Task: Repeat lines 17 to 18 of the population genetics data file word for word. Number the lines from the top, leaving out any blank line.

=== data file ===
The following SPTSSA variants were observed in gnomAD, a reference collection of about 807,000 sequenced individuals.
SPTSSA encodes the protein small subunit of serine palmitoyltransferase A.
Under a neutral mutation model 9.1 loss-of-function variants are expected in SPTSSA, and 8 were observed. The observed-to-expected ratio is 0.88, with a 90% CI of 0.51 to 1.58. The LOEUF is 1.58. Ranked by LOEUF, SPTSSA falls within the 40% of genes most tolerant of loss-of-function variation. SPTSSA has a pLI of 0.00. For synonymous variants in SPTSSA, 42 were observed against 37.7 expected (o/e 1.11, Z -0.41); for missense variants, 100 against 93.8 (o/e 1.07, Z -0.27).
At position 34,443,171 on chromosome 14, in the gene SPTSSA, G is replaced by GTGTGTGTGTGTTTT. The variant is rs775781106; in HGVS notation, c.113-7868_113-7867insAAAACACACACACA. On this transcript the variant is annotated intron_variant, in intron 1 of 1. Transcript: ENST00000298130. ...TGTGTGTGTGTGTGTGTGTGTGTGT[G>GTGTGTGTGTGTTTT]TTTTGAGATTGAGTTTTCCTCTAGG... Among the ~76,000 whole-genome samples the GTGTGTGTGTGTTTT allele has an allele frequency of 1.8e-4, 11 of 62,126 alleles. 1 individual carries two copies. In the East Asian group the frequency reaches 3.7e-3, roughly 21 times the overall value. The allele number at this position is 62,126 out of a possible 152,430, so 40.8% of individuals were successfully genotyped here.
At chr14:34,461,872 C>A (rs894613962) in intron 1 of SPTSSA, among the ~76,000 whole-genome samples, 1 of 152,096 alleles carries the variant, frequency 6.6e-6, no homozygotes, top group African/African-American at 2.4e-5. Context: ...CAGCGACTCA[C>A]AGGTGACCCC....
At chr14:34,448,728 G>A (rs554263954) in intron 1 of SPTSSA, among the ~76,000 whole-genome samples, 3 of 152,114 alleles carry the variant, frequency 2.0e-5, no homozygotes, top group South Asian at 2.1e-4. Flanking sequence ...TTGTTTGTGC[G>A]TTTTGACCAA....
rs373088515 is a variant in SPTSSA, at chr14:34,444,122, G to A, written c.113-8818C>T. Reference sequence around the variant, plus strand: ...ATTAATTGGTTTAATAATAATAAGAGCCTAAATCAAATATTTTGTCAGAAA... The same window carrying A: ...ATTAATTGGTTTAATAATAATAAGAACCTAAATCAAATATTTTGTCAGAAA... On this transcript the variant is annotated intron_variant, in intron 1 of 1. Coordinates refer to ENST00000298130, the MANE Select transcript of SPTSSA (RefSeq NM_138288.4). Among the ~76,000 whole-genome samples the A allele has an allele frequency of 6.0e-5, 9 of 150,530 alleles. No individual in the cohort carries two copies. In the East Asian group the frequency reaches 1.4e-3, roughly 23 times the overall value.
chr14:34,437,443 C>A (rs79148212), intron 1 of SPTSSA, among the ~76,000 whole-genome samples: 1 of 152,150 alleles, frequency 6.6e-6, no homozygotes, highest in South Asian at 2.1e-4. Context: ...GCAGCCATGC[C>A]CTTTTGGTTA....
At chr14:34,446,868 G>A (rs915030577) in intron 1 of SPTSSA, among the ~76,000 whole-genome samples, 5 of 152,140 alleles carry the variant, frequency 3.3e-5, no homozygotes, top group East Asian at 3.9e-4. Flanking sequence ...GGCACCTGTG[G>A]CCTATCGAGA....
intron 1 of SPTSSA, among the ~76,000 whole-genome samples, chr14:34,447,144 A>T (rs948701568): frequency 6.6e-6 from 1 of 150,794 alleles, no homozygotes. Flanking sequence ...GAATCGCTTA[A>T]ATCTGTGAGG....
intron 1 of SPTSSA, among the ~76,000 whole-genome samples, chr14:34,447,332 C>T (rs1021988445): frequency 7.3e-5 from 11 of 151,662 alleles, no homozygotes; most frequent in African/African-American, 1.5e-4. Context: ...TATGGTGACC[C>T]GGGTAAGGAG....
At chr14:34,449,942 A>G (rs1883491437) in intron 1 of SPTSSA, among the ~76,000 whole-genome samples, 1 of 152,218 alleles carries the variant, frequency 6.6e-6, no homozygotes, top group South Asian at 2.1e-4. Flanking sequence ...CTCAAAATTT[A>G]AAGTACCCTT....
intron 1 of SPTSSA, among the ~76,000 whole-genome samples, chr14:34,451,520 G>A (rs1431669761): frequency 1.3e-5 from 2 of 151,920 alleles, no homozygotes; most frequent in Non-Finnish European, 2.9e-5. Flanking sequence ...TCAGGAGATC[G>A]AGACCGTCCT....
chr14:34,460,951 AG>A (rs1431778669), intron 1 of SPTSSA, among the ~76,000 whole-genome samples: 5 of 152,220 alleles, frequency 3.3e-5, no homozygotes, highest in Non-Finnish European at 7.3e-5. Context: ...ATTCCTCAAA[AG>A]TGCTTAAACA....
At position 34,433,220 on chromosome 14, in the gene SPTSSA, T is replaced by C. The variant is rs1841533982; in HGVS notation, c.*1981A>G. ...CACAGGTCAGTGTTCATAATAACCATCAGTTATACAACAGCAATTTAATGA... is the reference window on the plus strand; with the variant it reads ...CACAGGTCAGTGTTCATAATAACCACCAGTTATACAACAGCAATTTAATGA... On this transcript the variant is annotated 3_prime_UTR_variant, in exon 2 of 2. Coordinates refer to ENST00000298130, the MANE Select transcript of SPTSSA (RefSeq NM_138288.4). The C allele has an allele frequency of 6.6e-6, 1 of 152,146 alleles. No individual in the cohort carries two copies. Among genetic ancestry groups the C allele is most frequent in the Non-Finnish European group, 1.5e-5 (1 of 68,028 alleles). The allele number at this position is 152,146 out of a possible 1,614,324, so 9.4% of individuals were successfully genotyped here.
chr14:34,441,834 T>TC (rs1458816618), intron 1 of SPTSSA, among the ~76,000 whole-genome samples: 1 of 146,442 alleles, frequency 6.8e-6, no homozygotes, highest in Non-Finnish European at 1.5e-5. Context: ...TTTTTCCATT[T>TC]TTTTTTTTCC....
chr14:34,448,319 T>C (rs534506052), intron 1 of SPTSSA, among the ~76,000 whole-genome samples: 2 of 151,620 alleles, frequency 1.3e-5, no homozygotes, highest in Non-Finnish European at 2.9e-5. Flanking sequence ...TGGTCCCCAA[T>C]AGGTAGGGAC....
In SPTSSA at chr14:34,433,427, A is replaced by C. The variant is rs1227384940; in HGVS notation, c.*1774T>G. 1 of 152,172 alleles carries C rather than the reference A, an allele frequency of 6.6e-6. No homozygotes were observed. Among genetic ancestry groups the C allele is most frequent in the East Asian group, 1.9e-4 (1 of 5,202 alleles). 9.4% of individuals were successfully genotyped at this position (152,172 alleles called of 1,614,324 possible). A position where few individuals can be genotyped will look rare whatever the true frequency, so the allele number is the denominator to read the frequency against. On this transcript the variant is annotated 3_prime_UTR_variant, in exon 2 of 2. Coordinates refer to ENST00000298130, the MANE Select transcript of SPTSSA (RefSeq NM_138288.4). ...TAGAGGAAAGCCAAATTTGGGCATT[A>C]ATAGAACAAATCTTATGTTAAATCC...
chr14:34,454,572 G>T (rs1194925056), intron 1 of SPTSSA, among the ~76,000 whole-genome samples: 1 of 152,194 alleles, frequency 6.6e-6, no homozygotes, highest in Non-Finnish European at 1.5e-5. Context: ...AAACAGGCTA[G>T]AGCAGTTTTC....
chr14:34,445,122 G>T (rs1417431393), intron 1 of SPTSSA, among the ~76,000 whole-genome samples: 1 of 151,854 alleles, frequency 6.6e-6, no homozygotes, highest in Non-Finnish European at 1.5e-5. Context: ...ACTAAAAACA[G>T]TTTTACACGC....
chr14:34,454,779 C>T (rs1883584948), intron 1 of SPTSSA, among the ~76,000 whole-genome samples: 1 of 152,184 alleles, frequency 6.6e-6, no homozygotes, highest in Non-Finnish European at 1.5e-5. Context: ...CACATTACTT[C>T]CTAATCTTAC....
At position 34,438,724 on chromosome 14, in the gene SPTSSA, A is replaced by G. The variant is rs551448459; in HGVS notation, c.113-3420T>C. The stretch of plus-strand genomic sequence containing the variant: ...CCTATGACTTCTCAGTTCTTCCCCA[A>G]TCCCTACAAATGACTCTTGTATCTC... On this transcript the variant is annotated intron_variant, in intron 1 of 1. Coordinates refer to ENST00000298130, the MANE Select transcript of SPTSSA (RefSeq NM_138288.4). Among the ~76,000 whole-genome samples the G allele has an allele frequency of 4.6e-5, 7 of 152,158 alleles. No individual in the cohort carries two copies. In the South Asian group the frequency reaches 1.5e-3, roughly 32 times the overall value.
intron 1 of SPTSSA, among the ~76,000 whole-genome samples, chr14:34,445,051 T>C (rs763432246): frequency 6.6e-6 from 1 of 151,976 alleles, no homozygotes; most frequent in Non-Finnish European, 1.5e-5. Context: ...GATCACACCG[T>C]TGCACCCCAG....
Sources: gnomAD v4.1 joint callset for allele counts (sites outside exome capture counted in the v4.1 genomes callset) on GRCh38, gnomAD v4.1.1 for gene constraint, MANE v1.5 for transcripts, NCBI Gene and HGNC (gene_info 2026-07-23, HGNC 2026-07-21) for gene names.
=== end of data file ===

chr14:34,448,319 T>C (rs534506052), intron 1 of SPTSSA, among the ~76,000 whole-genome samples: 2 of 151,620 alleles, frequency 1.3e-5, no homozygotes, highest in Non-Finnish European at 2.9e-5. Flanking sequence ...TGGTCCCCAA[T>C]AGGTAGGGAC....
In SPTSSA at chr14:34,433,427, A is replaced by C. The variant is rs1227384940; in HGVS notation, c.*1774T>G. 1 of 152,172 alleles carries C rather than the reference A, an allele frequency of 6.6e-6. No homozygotes were observed. Among genetic ancestry groups the C allele is most frequent in the East Asian group, 1.9e-4 (1 of 5,202 alleles). 9.4% of individuals were successfully genotyped at this position (152,172 alleles called of 1,614,324 possible). A position where few individuals can be genotyped will look rare whatever the true frequency, so the allele number is the denominator to read the frequency against. On this transcript the variant is annotated 3_prime_UTR_variant, in exon 2 of 2. Coordinates refer to ENST00000298130, the MANE Select transcript of SPTSSA (RefSeq NM_138288.4). ...TAGAGGAAAGCCAAATTTGGGCATT[A>C]ATAGAACAAATCTTATGTTAAATCC...